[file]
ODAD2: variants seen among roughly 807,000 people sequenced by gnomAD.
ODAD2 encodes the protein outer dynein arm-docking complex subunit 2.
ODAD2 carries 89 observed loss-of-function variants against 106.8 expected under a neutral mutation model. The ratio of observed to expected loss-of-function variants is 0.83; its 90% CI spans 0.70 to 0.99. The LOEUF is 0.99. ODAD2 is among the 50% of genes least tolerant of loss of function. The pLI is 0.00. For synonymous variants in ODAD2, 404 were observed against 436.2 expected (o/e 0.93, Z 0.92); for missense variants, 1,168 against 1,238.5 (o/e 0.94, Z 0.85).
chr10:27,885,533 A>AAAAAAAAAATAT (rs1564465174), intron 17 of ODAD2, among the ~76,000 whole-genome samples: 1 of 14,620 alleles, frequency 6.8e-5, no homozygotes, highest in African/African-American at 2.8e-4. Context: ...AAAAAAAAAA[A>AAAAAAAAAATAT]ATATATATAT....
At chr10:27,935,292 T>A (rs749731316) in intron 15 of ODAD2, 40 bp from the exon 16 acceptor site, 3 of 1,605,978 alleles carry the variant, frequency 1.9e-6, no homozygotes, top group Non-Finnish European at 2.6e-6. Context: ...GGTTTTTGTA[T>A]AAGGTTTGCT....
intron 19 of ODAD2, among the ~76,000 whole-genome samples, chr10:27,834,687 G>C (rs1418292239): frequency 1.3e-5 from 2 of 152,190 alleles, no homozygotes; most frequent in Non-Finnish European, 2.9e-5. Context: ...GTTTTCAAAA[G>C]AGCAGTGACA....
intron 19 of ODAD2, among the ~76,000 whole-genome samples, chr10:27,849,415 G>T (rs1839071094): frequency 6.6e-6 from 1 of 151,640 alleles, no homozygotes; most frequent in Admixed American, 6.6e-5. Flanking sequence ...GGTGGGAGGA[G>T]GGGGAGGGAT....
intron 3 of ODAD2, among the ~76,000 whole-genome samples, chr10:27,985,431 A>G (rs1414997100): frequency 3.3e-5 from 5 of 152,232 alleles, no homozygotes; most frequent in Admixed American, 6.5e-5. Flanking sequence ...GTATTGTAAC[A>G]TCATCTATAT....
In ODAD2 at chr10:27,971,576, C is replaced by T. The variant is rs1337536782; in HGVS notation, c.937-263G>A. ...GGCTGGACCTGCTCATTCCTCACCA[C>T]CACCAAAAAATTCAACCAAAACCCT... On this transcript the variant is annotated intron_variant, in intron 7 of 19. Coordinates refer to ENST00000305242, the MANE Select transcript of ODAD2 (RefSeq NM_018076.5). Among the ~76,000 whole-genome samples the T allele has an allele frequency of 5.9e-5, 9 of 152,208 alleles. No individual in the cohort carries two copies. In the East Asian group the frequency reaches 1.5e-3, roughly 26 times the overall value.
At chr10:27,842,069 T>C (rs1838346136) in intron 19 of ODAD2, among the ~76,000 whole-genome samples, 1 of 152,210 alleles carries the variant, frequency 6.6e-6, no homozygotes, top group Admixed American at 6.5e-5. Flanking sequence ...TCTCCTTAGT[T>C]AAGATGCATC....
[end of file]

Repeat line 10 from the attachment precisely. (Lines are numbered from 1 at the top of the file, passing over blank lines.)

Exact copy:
At chr10:27,842,069 T>C (rs1838346136) in intron 19 of ODAD2, among the ~76,000 whole-genome samples, 1 of 152,210 alleles carries the variant, frequency 6.6e-6, no homozygotes, top group Admixed American at 6.5e-5. Flanking sequence ...TCTCCTTAGT[T>C]AAGATGCATC....